Abdel Fattah al-Sisi said Egyptian television was 'part of national security' in the country, as opposition news channel aired latest purported leak
Egyptian media aired a televised speech by Egyptian President Abdel Fattah al-Sisi on Tuesday night, as an opposition news channel aired the latest in a series of purported leaks from his office.
The broadcast of the latest purported leak comes hours after it was revealed that independent forensic acoustics experts found “moderately strong” evidence that the voice heard in a series of damaging leaks was that of President Sisi.
Speaking during his third monthly speech on Tuesday night, Sisi focused on counter-terror and fighting corruption, also discussing Egypt’s role in the region.
Egypt is taking part in the Saudi-led coalition that has been pounding Houthi rebels in Yemen for over six weeks.
Sisi said on Wednesday that the National Security Council had met and voted to “extend their air and sea participation alongside our brothers in the Gulf”, not mentioning the Yemeni conflict directly.
He opened his address, which was made in informal dialect rather than more formal Arabic, by greeting Egypt’s workers in a belated celebration of Labour Day, a trade union-linked holiday held on 1 May.
Sisi then thanked pilots from Egypt’s struggling national airline, EgyptAir, for ending their labour strikes, saying the company “must start making profits”.
Up to 250 of the airline’s pilots took part in a mass resignation last week over what they said were unfair bonuses given to company bosses.
Addressing the regional situation, Sisi warned of “powers, trends and states that are trying to impose their agendas and impact Egypt’s national security”, stressing that “Egypt’s security is an inseparable part of Arab national security”.
The bulk of the speech focused on domestic issues, with Sisi promising that combatting militancy and corruption were top priorities – the president said 344 attempts at corruption had been “foiled” in one month.
Addressing the country’s fight against militancy, especially in the restive province of North Sinai, where militants on Tuesday released a new video threatening security forces and collaborators, Sisi called for a “comprehensive” fight against terror that does not focus solely on security.
He went on to stress the importance of Egyptian media, saying, “Egyptian television is part of Egypt’s national security, and it must not stop broadcasting for even one minute.”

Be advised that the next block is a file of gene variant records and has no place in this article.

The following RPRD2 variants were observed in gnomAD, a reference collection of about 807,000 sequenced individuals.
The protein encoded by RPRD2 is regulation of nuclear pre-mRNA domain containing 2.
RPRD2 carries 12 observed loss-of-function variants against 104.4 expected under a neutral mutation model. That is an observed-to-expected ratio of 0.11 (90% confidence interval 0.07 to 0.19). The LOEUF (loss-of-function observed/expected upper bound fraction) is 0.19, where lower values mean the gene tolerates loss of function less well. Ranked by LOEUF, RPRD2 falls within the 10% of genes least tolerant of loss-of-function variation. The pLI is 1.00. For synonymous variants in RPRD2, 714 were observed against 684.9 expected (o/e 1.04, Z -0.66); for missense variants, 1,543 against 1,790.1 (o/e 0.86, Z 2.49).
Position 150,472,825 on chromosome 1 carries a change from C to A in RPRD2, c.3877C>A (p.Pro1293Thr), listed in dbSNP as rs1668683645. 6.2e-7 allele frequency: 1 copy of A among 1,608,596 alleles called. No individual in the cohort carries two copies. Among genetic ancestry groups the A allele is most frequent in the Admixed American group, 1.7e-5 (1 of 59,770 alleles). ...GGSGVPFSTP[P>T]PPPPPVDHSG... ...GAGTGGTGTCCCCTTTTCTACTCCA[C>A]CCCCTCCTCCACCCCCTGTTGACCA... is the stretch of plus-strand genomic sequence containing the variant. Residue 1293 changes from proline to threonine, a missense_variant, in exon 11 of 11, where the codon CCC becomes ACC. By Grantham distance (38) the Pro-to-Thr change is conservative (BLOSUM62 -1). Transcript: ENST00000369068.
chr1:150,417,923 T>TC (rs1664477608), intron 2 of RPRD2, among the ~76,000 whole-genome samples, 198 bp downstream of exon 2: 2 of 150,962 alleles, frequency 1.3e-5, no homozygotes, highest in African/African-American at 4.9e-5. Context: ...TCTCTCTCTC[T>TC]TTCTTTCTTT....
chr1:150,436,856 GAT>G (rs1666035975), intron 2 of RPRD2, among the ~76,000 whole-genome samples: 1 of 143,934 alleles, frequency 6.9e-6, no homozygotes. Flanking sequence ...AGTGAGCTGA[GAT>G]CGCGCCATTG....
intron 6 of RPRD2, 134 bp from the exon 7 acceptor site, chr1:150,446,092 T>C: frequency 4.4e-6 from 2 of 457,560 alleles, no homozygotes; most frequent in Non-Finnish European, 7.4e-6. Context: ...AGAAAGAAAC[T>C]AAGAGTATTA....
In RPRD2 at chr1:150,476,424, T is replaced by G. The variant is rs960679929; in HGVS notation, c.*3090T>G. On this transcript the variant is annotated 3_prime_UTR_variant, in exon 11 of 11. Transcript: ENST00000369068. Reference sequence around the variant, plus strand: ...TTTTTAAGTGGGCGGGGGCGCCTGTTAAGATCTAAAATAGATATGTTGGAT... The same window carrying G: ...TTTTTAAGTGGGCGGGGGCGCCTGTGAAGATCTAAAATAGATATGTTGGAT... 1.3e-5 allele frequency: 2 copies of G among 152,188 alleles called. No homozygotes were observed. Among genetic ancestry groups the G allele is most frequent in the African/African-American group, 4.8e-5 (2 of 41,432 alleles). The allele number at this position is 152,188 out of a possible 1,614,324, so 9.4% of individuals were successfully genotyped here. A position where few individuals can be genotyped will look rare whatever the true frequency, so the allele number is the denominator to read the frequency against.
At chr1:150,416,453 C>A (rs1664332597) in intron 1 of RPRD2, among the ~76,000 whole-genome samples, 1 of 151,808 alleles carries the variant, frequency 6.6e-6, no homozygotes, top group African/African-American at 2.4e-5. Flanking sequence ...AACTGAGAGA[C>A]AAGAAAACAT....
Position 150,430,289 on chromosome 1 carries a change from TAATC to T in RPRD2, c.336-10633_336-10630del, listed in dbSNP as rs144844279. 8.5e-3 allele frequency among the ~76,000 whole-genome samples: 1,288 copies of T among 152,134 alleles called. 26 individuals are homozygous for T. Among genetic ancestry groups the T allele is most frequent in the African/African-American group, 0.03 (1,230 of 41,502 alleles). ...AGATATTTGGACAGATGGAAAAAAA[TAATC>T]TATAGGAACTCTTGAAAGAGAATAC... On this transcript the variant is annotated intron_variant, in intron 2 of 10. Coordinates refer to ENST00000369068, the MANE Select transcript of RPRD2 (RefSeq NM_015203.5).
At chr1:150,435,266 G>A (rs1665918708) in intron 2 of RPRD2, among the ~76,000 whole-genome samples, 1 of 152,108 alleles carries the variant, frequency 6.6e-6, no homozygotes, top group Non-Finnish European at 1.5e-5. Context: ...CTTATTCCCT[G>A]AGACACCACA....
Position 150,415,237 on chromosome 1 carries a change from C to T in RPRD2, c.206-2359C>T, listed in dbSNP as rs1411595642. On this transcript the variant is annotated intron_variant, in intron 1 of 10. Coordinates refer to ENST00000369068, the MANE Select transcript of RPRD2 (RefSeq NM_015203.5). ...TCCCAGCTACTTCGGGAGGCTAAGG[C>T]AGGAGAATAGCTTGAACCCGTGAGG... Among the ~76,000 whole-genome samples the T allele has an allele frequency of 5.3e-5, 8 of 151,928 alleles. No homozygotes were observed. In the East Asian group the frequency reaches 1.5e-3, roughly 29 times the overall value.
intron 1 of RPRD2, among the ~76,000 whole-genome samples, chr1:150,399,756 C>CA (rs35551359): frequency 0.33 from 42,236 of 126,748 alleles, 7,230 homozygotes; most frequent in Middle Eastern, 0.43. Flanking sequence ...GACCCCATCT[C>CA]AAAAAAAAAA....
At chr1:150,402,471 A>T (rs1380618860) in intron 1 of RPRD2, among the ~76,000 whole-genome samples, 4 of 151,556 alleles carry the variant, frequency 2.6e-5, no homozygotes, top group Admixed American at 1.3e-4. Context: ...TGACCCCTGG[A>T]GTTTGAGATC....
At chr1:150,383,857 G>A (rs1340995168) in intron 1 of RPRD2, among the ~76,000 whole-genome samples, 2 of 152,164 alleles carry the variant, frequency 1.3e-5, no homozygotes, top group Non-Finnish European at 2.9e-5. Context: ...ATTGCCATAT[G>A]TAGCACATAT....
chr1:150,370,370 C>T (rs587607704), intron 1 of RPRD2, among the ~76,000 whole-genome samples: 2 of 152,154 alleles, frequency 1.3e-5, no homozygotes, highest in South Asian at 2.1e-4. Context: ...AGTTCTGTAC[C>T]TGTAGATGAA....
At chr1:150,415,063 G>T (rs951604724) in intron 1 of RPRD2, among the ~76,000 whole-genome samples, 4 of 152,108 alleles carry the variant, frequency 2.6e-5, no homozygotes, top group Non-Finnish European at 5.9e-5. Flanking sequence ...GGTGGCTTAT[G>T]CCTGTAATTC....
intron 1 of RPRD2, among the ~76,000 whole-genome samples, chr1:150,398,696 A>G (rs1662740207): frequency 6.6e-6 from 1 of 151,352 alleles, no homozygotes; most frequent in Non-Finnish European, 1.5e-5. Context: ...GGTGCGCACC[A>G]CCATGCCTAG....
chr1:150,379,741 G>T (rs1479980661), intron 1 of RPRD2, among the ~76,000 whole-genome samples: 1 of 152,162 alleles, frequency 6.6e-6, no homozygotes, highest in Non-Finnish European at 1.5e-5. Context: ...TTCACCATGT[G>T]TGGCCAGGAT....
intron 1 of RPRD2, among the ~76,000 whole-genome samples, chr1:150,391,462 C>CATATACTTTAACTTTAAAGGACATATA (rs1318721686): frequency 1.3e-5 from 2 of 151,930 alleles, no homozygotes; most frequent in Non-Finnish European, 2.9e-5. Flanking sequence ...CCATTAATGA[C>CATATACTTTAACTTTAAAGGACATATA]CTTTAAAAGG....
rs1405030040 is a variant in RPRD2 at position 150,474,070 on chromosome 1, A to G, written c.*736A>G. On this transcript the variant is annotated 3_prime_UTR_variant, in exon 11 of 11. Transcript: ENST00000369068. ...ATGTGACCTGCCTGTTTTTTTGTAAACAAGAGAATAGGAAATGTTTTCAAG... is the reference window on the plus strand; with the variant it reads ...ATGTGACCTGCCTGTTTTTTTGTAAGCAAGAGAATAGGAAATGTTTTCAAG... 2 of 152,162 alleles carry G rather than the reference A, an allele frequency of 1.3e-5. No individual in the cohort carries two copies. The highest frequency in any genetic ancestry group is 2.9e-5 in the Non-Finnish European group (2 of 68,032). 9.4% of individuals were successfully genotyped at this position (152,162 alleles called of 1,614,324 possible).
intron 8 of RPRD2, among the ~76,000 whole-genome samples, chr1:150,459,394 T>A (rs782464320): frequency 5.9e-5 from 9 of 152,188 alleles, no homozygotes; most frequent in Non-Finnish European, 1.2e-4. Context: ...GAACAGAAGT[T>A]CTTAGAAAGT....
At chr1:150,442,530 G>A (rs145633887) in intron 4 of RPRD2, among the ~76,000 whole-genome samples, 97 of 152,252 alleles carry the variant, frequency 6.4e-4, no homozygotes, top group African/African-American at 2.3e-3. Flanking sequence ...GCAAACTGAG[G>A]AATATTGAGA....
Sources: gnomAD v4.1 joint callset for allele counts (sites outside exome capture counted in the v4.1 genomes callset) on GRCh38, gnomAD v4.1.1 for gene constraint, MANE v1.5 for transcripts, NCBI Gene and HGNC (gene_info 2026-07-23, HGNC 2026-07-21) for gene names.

The president also acknowledged discontent surrounding the announcement of a new administrative capital to be built from scratch at a cost of around US $45bn.
Sisi insisted on Wednesday that the project would go ahead, despite previously announcing that there were not enough funds – promising that the project would create a million jobs for Egyptians.
Much of the funding for the project is expected to come from oil-rich Gulf states like Saudi Arabia and the UAE, which have channelled billions of dollars into Egypt’s struggling economy since the 2013 ousting of Muslim Brotherhood leader Mohammed Morsi.
As some Egyptians tuned in to watch the speech, thought to have been pre-recorded, others watched a broadcast of the latest recording said to be a leak from the president’s office.
— مصر اكسترا (@masrextra) May 12, 2015
Translation: The President’s speech will be put back to 8 pm…because the leak from Sisi’s office is on Al Jazeera and Mekameleen at 8pm!! We have to choose what to watch?
Aired simultaneously with Sisi’s speech on a Turkey-based channel known for its support for the Muslim Brotherhood and ousted president Mohammed Morsi, the new recording alleged that members of Sisi’s government had intervened to appoint judges.
Previous leaks have alleged that Sisi and his political allies had conspired to channel Gulf funds meant for a hospital building project into the Egyptian army, and instructed sympathetic media figures on how to cover Sisi’s presidential election campaign last summer.